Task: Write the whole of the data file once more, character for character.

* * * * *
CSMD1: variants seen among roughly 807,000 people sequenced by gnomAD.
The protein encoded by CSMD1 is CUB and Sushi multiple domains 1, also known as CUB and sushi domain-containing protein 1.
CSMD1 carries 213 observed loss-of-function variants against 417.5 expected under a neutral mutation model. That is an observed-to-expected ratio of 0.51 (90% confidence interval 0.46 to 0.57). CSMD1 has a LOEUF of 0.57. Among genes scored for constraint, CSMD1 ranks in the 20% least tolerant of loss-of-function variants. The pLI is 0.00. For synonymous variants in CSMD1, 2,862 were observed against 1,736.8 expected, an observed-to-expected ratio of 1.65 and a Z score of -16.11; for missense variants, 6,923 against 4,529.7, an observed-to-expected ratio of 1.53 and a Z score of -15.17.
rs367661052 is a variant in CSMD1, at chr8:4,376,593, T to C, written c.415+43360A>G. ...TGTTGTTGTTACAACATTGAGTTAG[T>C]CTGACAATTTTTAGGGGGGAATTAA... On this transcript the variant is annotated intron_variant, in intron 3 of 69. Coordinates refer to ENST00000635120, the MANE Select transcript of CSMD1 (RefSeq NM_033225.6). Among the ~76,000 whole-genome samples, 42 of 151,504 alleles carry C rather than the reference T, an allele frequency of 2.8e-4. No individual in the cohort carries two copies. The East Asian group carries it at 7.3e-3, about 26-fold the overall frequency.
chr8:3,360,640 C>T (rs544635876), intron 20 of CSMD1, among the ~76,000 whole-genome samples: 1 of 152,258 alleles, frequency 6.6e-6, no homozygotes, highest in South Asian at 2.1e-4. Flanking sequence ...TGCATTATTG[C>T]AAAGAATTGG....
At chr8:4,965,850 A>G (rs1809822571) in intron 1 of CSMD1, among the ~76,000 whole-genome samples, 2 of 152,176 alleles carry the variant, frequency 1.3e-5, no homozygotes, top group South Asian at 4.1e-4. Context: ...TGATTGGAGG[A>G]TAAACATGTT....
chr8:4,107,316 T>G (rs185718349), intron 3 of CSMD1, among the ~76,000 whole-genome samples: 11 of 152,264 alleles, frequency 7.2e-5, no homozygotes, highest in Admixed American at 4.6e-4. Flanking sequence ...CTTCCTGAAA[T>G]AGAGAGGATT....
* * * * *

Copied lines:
CSMD1: variants seen among roughly 807,000 people sequenced by gnomAD.
The protein encoded by CSMD1 is CUB and Sushi multiple domains 1, also known as CUB and sushi domain-containing protein 1.
CSMD1 carries 213 observed loss-of-function variants against 417.5 expected under a neutral mutation model. That is an observed-to-expected ratio of 0.51 (90% confidence interval 0.46 to 0.57). CSMD1 has a LOEUF of 0.57. Among genes scored for constraint, CSMD1 ranks in the 20% least tolerant of loss-of-function variants. The pLI is 0.00. For synonymous variants in CSMD1, 2,862 were observed against 1,736.8 expected, an observed-to-expected ratio of 1.65 and a Z score of -16.11; for missense variants, 6,923 against 4,529.7, an observed-to-expected ratio of 1.53 and a Z score of -15.17.
rs367661052 is a variant in CSMD1, at chr8:4,376,593, T to C, written c.415+43360A>G. ...TGTTGTTGTTACAACATTGAGTTAG[T>C]CTGACAATTTTTAGGGGGGAATTAA... On this transcript the variant is annotated intron_variant, in intron 3 of 69. Coordinates refer to ENST00000635120, the MANE Select transcript of CSMD1 (RefSeq NM_033225.6). Among the ~76,000 whole-genome samples, 42 of 151,504 alleles carry C rather than the reference T, an allele frequency of 2.8e-4. No individual in the cohort carries two copies. The East Asian group carries it at 7.3e-3, about 26-fold the overall frequency.
chr8:3,360,640 C>T (rs544635876), intron 20 of CSMD1, among the ~76,000 whole-genome samples: 1 of 152,258 alleles, frequency 6.6e-6, no homozygotes, highest in South Asian at 2.1e-4. Flanking sequence ...TGCATTATTG[C>T]AAAGAATTGG....
At chr8:4,965,850 A>G (rs1809822571) in intron 1 of CSMD1, among the ~76,000 whole-genome samples, 2 of 152,176 alleles carry the variant, frequency 1.3e-5, no homozygotes, top group South Asian at 4.1e-4. Context: ...TGATTGGAGG[A>G]TAAACATGTT....
chr8:4,107,316 T>G (rs185718349), intron 3 of CSMD1, among the ~76,000 whole-genome samples: 11 of 152,264 alleles, frequency 7.2e-5, no homozygotes, highest in Admixed American at 4.6e-4. Flanking sequence ...CTTCCTGAAA[T>G]AGAGAGGATT....